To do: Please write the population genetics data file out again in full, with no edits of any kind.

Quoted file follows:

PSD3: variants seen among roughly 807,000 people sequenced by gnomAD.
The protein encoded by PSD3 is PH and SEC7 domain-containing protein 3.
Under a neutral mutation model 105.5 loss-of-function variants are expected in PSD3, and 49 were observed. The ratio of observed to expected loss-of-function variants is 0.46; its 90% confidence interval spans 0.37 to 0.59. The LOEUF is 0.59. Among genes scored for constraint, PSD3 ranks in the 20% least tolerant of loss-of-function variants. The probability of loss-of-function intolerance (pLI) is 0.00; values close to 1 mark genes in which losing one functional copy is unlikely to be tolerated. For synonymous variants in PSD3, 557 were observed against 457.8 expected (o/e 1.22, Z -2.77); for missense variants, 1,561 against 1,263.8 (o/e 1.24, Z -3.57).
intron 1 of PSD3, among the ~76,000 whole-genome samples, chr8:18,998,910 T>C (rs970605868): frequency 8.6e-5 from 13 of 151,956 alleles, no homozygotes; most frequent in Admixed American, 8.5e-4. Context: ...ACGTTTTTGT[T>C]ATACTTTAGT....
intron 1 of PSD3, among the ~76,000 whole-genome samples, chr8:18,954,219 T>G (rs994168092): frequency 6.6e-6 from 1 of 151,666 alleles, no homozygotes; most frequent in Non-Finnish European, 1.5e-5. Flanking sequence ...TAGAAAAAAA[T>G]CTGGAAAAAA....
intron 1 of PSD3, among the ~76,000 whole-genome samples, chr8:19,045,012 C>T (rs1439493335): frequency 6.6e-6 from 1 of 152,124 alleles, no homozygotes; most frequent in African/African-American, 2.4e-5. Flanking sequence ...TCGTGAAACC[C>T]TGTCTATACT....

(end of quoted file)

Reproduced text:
PSD3: variants seen among roughly 807,000 people sequenced by gnomAD.
The protein encoded by PSD3 is PH and SEC7 domain-containing protein 3.
Under a neutral mutation model 105.5 loss-of-function variants are expected in PSD3, and 49 were observed. The ratio of observed to expected loss-of-function variants is 0.46; its 90% confidence interval spans 0.37 to 0.59. The LOEUF is 0.59. Among genes scored for constraint, PSD3 ranks in the 20% least tolerant of loss-of-function variants. The probability of loss-of-function intolerance (pLI) is 0.00; values close to 1 mark genes in which losing one functional copy is unlikely to be tolerated. For synonymous variants in PSD3, 557 were observed against 457.8 expected (o/e 1.22, Z -2.77); for missense variants, 1,561 against 1,263.8 (o/e 1.24, Z -3.57).
intron 1 of PSD3, among the ~76,000 whole-genome samples, chr8:18,998,910 T>C (rs970605868): frequency 8.6e-5 from 13 of 151,956 alleles, no homozygotes; most frequent in Admixed American, 8.5e-4. Context: ...ACGTTTTTGT[T>C]ATACTTTAGT....
intron 1 of PSD3, among the ~76,000 whole-genome samples, chr8:18,954,219 T>G (rs994168092): frequency 6.6e-6 from 1 of 151,666 alleles, no homozygotes; most frequent in Non-Finnish European, 1.5e-5. Flanking sequence ...TAGAAAAAAA[T>G]CTGGAAAAAA....
intron 1 of PSD3, among the ~76,000 whole-genome samples, chr8:19,045,012 C>T (rs1439493335): frequency 6.6e-6 from 1 of 152,124 alleles, no homozygotes; most frequent in African/African-American, 2.4e-5. Flanking sequence ...TCGTGAAACC[C>T]TGTCTATACT....